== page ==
The winter months bring a host of changes both welcomed and unwanted. Temperatures drop and daylight hours lessen. Trees and plants shed their greenery and are left bare in the biting cold. Snow sometimes falls and transforms our surroundings into a magical winter wonderland. Rivers, lakes, and ponds can freeze over with thick ice.
This change in condition, weather and landscape are simply fantastic for photography – the winter season can create some absolutely amazing photographs that simply can’t be produced at other times of the year. There is no denying however that winter photography can be tricky and if you want to take some spectacular shots, you must prepare accordingly! Luckily the following guide will help you fight through the winter weather and improve your photography during those cold months!
Understand your camera and its functions
It is first important to know how to operate your camera during winter. Due to various factors and weather anomalies, taking a photo during the winter months requires extra care and attention. The following are some basic tips relating to your camera and its functions:
Adjust your shutter speed to suit the situation
During the winter months, you are often presented with a host of moving objects such as snow and wildlife for example. Consider altering your shutter speed to suit each individual photo and to change the effect of the final photo. If you want crisp and sharp falling snowflakes, for example, you must have a quick shutter speed. Alternatively, if you want to create a blurry seen that emphasizes motion, consider choosing a slower shutter speed. Try altering the shutter speed to see what different effects you can create and how it affects your photo.
Manually change your exposure
Exposure is also key to taking successful winter photos. Oftentimes during the winter, you are presented with bright landscapes full of snow, or dull landscapes with shaded areas. If you allow your camera to automatically expose a photo, it may result in washed out areas – for example, a bright skyline or a snow-covered field may have little to no detail. Manually alter your exposure to tone down the brightness of these areas. Try and find a middle ground that has most parts of a photo correctly exposed – you can always change the exposure afterward using post-processing software too.
Consider using manual focus for low contrast images
Winter scenes often have low contrast and this makes it difficult to use the cameras autofocus feature. For example, if you are taking a photo of a snow-covered landscape, your camera may struggle to pick out a point to focus on. This can be frustrating and result in a host of blurred and out-of-focus photos. Consider switching to manual focus and picking out a focal point of your choice. In most cases, you will have to turn the focus ring on your camera lens until your chosen area becomes crystal clear and sharp.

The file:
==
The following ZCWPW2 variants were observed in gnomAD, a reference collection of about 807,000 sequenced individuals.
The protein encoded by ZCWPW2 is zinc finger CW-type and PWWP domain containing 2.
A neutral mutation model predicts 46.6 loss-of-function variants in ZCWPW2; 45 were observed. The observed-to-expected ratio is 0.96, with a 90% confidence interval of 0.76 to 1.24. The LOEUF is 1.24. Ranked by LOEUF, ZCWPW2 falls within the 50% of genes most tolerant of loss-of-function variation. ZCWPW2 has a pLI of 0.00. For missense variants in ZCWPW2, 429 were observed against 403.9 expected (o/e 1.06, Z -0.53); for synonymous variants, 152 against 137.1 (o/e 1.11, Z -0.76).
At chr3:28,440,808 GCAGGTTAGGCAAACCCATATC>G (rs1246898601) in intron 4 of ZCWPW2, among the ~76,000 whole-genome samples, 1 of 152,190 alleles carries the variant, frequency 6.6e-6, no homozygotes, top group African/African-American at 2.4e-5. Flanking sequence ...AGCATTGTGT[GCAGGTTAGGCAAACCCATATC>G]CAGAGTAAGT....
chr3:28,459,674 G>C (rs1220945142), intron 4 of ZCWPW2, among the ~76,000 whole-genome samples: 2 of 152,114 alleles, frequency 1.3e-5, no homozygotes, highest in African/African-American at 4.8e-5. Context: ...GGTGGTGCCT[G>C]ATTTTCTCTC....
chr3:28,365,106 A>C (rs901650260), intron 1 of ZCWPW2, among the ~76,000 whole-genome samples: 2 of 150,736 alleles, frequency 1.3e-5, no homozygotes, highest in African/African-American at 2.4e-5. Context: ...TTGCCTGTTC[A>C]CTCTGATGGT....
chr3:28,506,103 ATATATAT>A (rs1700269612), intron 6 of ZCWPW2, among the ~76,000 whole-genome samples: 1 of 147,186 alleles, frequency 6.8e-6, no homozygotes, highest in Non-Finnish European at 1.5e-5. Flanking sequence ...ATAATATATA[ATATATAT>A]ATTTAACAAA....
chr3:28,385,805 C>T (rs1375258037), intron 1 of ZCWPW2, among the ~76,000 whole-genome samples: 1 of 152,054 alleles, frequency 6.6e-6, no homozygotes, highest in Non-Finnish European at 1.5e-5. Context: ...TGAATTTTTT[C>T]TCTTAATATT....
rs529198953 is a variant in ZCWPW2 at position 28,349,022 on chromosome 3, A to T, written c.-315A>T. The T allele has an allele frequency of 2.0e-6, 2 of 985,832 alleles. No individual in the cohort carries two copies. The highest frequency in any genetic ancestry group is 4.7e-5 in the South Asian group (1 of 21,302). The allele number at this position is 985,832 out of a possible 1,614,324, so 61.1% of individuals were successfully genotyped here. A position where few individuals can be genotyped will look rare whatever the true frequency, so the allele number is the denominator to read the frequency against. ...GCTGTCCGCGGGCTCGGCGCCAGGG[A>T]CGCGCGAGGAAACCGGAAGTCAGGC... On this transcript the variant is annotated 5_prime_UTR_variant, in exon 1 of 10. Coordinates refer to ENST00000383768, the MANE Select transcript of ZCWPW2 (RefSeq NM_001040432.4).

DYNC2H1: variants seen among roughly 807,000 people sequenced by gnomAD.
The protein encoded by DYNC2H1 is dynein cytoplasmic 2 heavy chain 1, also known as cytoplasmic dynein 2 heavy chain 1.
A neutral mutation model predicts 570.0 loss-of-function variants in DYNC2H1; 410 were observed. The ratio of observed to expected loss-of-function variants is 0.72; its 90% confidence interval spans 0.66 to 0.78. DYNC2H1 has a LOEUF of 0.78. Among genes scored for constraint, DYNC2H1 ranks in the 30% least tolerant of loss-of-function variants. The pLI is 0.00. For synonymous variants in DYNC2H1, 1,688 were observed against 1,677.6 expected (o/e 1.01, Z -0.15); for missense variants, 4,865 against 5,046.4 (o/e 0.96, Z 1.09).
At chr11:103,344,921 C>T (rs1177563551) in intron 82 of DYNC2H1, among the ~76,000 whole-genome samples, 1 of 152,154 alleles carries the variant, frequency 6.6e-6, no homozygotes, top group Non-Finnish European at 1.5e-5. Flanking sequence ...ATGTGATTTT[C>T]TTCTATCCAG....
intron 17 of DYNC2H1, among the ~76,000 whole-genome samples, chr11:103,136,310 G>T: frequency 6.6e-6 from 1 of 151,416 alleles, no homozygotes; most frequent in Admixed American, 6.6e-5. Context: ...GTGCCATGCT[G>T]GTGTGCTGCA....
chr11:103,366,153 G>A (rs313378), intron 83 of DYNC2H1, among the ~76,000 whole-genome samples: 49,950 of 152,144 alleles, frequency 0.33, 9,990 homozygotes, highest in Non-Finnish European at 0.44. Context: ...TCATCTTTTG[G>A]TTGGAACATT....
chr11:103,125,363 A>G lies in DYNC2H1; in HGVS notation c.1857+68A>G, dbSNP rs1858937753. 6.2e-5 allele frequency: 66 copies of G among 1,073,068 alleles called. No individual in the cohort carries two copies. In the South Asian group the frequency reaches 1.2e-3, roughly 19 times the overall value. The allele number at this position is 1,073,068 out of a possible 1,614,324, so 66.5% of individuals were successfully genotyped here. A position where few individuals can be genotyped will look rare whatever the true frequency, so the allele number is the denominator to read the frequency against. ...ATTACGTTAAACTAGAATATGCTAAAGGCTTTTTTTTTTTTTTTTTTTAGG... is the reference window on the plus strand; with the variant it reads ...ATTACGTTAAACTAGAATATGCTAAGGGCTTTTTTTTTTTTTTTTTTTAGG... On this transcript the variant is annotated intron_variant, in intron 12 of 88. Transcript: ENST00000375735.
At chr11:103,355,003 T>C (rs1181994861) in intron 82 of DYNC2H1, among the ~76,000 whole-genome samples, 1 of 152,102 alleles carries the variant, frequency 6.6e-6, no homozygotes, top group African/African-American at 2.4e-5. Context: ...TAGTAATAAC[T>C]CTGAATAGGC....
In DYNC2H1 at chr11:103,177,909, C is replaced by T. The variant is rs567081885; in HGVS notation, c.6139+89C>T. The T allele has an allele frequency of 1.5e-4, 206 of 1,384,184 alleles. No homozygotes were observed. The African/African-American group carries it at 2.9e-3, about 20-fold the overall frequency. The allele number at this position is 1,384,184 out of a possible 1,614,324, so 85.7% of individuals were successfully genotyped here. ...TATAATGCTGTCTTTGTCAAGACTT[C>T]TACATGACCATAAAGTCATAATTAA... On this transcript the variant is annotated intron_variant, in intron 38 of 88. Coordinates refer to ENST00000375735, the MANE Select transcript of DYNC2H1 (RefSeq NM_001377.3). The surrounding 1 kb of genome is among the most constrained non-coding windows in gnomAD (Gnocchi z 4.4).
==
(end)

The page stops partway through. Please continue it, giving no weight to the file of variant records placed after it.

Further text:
Always carry a spare battery and warm casing
DSLR cameras do not always perform well in cold weather. Batteries, in particular, are prone to freezing and running out extremely quickly during the winter. It is important therefore to protect your equipment and carry a sufficient array of spares. Consider wrapping your camera and batteries in bubble-wrap for extra insulation, and take one or two spare fully-charged batteries with you in the winter. This will ensure your equipment remains warm, and if you do encounter problems, you have spares to continue shooting!
Let nature provide inspiration for your shots
Aside from changing the settings of your camera, you should also make use of what nature gives you during the winter season. As mentioned in the opening paragraphs, winter is like no other time and you can create some unique and interesting photos.
Use snowfall to your advantage to create interesting patterns. Look for bright colors such as berries or holly in-between the sea of whites and browns. Walk into towns to snap the beautiful Christmas lights and decorations. Head out into the countryside and immerse yourself in the harsh but stunning winter landscapes. Use your imagination, explore and don’t be afraid to wrap up and head out of your home to see what magical photos you can create!
You should now feel a little more prepared to step out into the world and make the most of the winter weather. Don’t let the cold put you off – you really can take some beautiful and memorable photos during this time of the year!